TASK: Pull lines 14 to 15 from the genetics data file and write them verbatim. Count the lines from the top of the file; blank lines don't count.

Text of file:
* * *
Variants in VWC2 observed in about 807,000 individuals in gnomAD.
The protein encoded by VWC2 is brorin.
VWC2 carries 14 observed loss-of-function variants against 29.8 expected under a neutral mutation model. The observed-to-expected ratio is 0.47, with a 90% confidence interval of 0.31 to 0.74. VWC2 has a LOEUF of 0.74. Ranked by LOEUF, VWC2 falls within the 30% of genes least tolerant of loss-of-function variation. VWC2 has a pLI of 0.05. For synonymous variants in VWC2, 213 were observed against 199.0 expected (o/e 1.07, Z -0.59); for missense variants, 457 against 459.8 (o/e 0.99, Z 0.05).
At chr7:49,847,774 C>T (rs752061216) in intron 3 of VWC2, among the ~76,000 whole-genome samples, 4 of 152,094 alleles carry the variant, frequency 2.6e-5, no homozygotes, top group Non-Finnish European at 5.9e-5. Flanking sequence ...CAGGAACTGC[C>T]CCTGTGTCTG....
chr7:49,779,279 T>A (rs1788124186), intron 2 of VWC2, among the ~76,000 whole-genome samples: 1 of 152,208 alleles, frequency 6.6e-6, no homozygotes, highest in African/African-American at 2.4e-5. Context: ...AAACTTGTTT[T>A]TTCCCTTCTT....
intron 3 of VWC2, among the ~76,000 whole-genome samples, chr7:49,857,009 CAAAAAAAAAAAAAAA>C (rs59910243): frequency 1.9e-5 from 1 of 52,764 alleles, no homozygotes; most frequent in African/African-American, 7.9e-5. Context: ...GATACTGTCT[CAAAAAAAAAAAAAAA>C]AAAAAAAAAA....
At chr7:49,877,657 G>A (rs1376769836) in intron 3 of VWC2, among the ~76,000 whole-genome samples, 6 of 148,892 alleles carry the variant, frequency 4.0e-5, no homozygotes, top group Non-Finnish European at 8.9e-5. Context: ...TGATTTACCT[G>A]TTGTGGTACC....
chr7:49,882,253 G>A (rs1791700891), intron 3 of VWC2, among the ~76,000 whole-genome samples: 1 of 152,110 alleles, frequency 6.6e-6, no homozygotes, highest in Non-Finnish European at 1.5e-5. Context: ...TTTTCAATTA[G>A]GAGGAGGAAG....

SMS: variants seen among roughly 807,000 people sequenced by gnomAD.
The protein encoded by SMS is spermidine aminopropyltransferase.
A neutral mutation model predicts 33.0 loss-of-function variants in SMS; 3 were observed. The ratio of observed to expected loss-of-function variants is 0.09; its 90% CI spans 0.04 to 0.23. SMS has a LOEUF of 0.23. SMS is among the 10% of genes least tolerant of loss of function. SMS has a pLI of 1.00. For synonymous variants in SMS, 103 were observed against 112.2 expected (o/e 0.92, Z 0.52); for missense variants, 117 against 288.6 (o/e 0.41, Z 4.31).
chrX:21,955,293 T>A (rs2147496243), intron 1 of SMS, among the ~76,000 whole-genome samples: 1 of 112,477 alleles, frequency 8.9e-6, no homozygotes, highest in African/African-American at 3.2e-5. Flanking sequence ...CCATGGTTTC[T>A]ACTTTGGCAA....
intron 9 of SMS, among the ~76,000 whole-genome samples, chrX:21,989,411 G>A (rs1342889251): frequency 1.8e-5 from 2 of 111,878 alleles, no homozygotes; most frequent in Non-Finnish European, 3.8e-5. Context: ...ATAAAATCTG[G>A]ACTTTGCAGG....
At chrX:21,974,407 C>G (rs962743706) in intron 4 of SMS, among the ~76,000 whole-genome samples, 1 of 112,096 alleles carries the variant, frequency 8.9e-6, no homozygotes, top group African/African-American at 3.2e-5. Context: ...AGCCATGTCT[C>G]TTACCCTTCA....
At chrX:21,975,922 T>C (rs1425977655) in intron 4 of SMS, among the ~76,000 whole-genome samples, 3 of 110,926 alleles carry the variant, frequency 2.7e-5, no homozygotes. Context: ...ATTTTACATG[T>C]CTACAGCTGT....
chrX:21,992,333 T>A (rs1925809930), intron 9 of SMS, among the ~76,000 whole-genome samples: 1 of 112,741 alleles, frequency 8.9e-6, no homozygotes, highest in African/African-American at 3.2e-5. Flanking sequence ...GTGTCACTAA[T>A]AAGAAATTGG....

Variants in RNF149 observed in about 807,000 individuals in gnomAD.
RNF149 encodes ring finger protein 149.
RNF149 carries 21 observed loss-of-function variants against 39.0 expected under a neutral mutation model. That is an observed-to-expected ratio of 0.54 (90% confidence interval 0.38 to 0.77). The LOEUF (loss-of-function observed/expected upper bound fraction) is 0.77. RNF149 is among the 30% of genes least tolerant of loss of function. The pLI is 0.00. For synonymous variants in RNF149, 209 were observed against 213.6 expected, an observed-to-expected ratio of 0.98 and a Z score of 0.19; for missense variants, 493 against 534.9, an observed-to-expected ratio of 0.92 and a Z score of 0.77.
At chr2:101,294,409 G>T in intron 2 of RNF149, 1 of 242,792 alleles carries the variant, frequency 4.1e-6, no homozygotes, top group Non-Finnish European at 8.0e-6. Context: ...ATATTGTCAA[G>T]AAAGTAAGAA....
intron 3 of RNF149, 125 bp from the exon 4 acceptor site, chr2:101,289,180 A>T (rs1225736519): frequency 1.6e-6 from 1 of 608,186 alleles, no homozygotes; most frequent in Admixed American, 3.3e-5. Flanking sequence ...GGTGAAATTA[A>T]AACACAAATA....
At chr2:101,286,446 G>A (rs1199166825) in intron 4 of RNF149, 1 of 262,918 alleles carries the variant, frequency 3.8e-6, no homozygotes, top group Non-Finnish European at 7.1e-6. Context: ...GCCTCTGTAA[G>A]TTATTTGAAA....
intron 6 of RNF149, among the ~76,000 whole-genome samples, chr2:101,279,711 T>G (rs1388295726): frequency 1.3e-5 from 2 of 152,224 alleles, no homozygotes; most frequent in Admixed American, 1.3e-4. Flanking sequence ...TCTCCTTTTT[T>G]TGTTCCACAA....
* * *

At chrX:21,974,407 C>G (rs962743706) in intron 4 of SMS, among the ~76,000 whole-genome samples, 1 of 112,096 alleles carries the variant, frequency 8.9e-6, no homozygotes, top group African/African-American at 3.2e-5. Context: ...AGCCATGTCT[C>G]TTACCCTTCA....
At chrX:21,975,922 T>C (rs1425977655) in intron 4 of SMS, among the ~76,000 whole-genome samples, 3 of 110,926 alleles carry the variant, frequency 2.7e-5, no homozygotes. Context: ...ATTTTACATG[T>C]CTACAGCTGT....